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How to make refractory cement

Updated February 21, 2017

Refractory cement is made to withstand high temperatures that regular cement can't handle. It has many microscopic air pockets that provide insulation, which prevents it from cracking. Refractory cement is used in furnaces and outside fireplaces, as well as in commercial and industrial settings. Firebrick is refractory cement already formed. Refractory cement can be made from raw materials or purchased as a dry mix. One of the ingredients is masonry cement, which includes sand as a waterproofing agent and other ingredients that make it suitable for high-temperature uses. All the ingredients can be found at your local builders' merchant.

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  1. Lay a thin metal or plastic sheet on a smooth ground surface, or you can mix the refractory cement on a clean, smooth concrete surface. Put 1 1/2 shovels of masonry cement and two shovels of sand on the prepared surface.

  2. Add 1 1/2 shovels of perlite, which is a volcanic mineral. Mix all the dry ingredients together. Fold the dry mixture from the bottom of the pile until it is thoroughly mixed.

  3. Push the shovel into the centre, creating a hole in the centre of the mixture. Pour 1 litre (2 pints) of water into the hole. Mix as you did with the dry mixture. It will become a semi-dry, crumbly texture. Use additional water if necessary.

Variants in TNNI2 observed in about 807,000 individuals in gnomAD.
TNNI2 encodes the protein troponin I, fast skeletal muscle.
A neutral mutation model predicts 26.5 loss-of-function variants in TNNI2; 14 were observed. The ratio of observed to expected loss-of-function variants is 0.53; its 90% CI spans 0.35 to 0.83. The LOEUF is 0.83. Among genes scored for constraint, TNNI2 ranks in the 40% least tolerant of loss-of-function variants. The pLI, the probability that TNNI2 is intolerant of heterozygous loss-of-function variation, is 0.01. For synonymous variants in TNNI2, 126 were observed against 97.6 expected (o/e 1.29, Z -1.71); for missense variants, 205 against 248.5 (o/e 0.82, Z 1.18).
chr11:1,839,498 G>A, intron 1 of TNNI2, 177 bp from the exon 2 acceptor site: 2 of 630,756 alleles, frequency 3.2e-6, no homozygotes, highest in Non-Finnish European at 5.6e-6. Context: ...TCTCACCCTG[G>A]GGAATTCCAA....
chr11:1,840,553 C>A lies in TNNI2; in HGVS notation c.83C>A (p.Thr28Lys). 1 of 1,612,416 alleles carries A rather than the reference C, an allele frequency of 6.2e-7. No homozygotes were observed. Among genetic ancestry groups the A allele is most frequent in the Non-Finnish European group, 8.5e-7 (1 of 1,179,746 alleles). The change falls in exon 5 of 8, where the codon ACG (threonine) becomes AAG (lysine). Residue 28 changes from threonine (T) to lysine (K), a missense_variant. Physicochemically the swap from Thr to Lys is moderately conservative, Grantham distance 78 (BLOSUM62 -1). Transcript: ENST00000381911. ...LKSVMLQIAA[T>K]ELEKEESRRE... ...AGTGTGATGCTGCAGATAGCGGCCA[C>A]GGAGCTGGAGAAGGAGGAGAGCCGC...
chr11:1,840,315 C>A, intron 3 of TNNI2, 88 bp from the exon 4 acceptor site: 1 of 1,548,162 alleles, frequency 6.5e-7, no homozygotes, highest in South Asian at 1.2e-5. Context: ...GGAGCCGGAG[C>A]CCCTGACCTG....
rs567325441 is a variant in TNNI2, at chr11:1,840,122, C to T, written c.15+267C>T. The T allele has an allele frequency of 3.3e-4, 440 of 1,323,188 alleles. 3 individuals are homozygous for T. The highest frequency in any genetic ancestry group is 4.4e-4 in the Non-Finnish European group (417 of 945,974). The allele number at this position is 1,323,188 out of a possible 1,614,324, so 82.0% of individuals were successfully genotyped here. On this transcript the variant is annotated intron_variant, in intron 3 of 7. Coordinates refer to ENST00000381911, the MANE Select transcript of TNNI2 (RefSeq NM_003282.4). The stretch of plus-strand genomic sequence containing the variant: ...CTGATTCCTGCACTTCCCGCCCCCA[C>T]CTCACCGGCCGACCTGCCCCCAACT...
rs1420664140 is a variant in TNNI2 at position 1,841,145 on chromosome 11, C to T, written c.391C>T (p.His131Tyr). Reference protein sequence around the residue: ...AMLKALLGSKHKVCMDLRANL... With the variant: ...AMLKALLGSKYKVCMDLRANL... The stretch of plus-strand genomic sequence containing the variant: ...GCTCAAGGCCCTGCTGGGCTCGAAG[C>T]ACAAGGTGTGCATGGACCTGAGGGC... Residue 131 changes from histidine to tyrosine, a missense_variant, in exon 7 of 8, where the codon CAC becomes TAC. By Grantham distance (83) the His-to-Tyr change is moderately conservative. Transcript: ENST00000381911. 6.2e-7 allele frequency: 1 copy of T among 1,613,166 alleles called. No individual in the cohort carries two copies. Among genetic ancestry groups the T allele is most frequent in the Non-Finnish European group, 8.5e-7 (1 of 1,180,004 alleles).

4. Put two shovels of fireclay into the mixture. Continue adding water to the mixture until it is workable, approximately 4.5 litres (1 gallon) in total. When the mixture is the right consistency, you can ball the mixture up like a tennis ball, throw it up in the air and catch it without it falling apart. If the mixture is too runny, add more dry ingredients in the ratio 1 1/2 parts masonry cement, two parts sand, 1 1/2 parts perlite and two parts fireclay.

  5. Tip

    Lay a piece of plastic sheeting over the cement when you are finished and mist the plastic with water. This will prevent rapid water loss on the edges and surface. Allow it to dry for 24 hours, then remove the plastic cover and air dry for another 48 hours without direct sunlight. It will take approximately three weeks to fully dry, depending on the weather.

    Start with small fires at first and then gradually increase the temperature. This will prevent the cement from cracking.


    Do not mistake masonry cement for Portland cement. Portland cement explodes when heated to high temperatures.

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Things You'll Need

  • Thin metal or plastic sheet
  • Shovel
  • Masonry cement
  • Sand
  • Perlite
  • Fireclay
  • Water
  • Measuring cup

About the Author

Amanda Flanders has been writing since 2007. She received “Rising Star” awards for her articles published in 2010 and is educated in a wide range of home improvement topics and dog care. Flanders holds a certificate in Real Estate Appraisal from the University of Maine, Bangor and is certified in Standard Operating Procedures and Interpreting Animal Behavior for Safe Handling from Human Society University.

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